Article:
Baseballs in the street

Driving down Twyckenham last weekend, at the corner of Angela Boulevard, outside Notre Dame’s center field fence, I saw baseballs littering the street as though they were red Solo cups at Legacy Village on Sunday morning. If that’s too esoteric, let’s just say “off-campus party” and you get the picture.

It’s strange to write a college piece twenty years after being in college.

What would a collegiate writer say about baseballs in the street?  Something more esoteric?

Would my college self be concerned to know that twenty years later I’d still be unsure whether the balls were laying or lying there? Or would my future self worry him even more if he found I still did not care? That I would look it up only halfheartedly and with a sense of obligation to the long-dead masters of our craft? Would he mind that I would begrudge him for not having learned it then? (Obviously not, because he didn’t.)

Would he have picked up the baseball? Or let them all lie like sleeping frat brothers on Sunday morning? (Yes; No.)

I  steered my car over, popped the door open while waiting for the red light, picked a ball up like a sea turtle eating an immortal jellyfish (not esoteric if you read my blog frequently). Brought it home, put it on my desk. Thinking about how there just isn’t much profound here. I found a baseball and brought it home because that’s what you do. It’s what I always will do.

Maybe the key difference is that my quest for profundity is changing. I used to want it so badly. The atmosphere, I mean the very sky, was laden with it. It lies heavily upon a campus. Brick buildings dated in the early 1900’s do that to you, when they’re covered in ivy and you’re still roughing out a beard. So you want to chew that profundity like a piece of bubble gum, over and over, until it’s flavorless, and spit it by the weeds grown up along the backstop. It’s still gum. Like, profundity is no worse the wear, though you’ve sucked out the flavor.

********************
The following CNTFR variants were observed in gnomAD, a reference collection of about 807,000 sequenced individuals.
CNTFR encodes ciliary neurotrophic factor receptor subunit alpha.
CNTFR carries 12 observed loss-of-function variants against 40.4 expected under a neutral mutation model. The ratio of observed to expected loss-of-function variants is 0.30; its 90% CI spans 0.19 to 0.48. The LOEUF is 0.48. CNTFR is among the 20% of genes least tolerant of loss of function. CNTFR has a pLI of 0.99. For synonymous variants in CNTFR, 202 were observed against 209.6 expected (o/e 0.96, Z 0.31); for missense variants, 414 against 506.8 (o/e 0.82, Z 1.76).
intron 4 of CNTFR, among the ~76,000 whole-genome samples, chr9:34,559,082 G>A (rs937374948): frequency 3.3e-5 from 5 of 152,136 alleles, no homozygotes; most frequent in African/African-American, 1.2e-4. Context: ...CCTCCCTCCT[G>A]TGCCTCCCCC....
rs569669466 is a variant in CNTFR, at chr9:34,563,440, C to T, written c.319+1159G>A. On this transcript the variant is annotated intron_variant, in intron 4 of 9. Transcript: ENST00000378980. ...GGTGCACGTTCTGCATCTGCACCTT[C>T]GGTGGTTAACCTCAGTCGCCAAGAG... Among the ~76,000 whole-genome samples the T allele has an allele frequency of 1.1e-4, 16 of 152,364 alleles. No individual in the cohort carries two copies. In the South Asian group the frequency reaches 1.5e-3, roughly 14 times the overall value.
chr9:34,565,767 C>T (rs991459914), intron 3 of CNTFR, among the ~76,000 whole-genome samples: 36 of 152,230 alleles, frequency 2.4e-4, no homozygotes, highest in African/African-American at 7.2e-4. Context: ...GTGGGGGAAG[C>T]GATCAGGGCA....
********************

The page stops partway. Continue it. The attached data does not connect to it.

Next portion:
Maybe I’ve done that. Life is profound, sure. But a baseball in the road just means it’s spring. I’ve seen roughly twice as many now and they are all pretty good. You still pick up your balls and carry on, but it doesn’t really mean anything that spring has returned. At least, it doesn’t mean anything more than it used to mean.

Also, baseballs never grow beards. So they’re symbols of youth. Who cares.

I still like baseball, but it’s been years since I just went to a whole game and sat there and drank it in like … hell, never mind what it’s like drinking. I just get deep droughts, you know. Metaphors are for people who chase profundity.

I need to go watch a ballgame, and I know it, because last week my son and I stopped for a moment at my alma mater to watch the boys play. This is what I see: Our side is batting, guy Strikes out, with a man on first. Then a grounder gets through the right side. Next, a line drive scores the lead runner. I turned to some men and ask them what score, what inning. I can’t read our dinky scoreboard. We are watching from the far left field corner, the scoreboard is in right. Bottom of seven, two outs, after that last hit, we trail by one, they say. A double into left center. Tie game. A play at the plate! We win! We win!

I jumped, arms in the air. With two outs my alma mater trailed 8-6, scored one, then in a matter of another ten seconds managed to win 9-8, and I was caught up in the moment. Now their record is 17-27, but 9-9 in conference. They are not particularly good, but it was a great seventh inning. Maybe that was enough baseball to satisfy those thirsts. I don’t have to drink as much spring anymore to remind myself of its cool, cold-brewed Rocky Mountain flavor. (Not a metaphor, just a longish adjectival phrase.) I never got drunk on it, anyway.